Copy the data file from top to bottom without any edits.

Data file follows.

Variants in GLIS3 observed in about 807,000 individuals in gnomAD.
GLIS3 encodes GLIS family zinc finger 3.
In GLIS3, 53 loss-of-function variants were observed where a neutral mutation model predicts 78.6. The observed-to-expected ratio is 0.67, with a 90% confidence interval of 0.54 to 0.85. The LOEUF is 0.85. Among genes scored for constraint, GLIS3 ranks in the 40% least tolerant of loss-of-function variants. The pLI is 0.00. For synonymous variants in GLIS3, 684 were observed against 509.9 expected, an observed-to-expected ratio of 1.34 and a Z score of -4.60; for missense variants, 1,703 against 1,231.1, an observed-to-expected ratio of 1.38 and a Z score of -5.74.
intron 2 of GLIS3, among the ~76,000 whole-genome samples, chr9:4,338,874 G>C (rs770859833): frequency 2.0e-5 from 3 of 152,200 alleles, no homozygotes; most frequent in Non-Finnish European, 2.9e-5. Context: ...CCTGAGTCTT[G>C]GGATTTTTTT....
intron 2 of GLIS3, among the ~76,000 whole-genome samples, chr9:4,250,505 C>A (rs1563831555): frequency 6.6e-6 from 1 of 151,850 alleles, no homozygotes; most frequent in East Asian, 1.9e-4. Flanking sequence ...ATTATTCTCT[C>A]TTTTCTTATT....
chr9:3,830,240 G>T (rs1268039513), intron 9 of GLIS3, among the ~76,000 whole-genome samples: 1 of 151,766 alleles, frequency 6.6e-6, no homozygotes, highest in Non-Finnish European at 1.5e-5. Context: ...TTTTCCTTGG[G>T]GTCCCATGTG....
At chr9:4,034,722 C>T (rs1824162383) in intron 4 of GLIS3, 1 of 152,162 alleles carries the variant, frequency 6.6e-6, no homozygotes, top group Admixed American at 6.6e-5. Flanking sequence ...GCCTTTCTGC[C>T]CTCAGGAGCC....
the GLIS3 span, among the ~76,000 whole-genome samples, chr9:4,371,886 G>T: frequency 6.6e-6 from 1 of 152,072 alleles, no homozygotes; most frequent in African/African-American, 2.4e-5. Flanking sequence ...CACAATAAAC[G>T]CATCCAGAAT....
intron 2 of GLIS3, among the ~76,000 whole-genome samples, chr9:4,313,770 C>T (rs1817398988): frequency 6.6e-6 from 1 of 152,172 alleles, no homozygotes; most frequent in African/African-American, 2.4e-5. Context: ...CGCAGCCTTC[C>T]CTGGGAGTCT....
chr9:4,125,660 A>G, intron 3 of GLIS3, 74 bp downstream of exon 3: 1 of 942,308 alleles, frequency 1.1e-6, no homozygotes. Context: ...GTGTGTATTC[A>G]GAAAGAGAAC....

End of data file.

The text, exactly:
Variants in GLIS3 observed in about 807,000 individuals in gnomAD.
GLIS3 encodes GLIS family zinc finger 3.
In GLIS3, 53 loss-of-function variants were observed where a neutral mutation model predicts 78.6. The observed-to-expected ratio is 0.67, with a 90% confidence interval of 0.54 to 0.85. The LOEUF is 0.85. Among genes scored for constraint, GLIS3 ranks in the 40% least tolerant of loss-of-function variants. The pLI is 0.00. For synonymous variants in GLIS3, 684 were observed against 509.9 expected, an observed-to-expected ratio of 1.34 and a Z score of -4.60; for missense variants, 1,703 against 1,231.1, an observed-to-expected ratio of 1.38 and a Z score of -5.74.
intron 2 of GLIS3, among the ~76,000 whole-genome samples, chr9:4,338,874 G>C (rs770859833): frequency 2.0e-5 from 3 of 152,200 alleles, no homozygotes; most frequent in Non-Finnish European, 2.9e-5. Context: ...CCTGAGTCTT[G>C]GGATTTTTTT....
intron 2 of GLIS3, among the ~76,000 whole-genome samples, chr9:4,250,505 C>A (rs1563831555): frequency 6.6e-6 from 1 of 151,850 alleles, no homozygotes; most frequent in East Asian, 1.9e-4. Flanking sequence ...ATTATTCTCT[C>A]TTTTCTTATT....
chr9:3,830,240 G>T (rs1268039513), intron 9 of GLIS3, among the ~76,000 whole-genome samples: 1 of 151,766 alleles, frequency 6.6e-6, no homozygotes, highest in Non-Finnish European at 1.5e-5. Context: ...TTTTCCTTGG[G>T]GTCCCATGTG....
At chr9:4,034,722 C>T (rs1824162383) in intron 4 of GLIS3, 1 of 152,162 alleles carries the variant, frequency 6.6e-6, no homozygotes, top group Admixed American at 6.6e-5. Flanking sequence ...GCCTTTCTGC[C>T]CTCAGGAGCC....
the GLIS3 span, among the ~76,000 whole-genome samples, chr9:4,371,886 G>T: frequency 6.6e-6 from 1 of 152,072 alleles, no homozygotes; most frequent in African/African-American, 2.4e-5. Flanking sequence ...CACAATAAAC[G>T]CATCCAGAAT....
intron 2 of GLIS3, among the ~76,000 whole-genome samples, chr9:4,313,770 C>T (rs1817398988): frequency 6.6e-6 from 1 of 152,172 alleles, no homozygotes; most frequent in African/African-American, 2.4e-5. Context: ...CGCAGCCTTC[C>T]CTGGGAGTCT....
chr9:4,125,660 A>G, intron 3 of GLIS3, 74 bp downstream of exon 3: 1 of 942,308 alleles, frequency 1.1e-6, no homozygotes. Context: ...GTGTGTATTC[A>G]GAAAGAGAAC....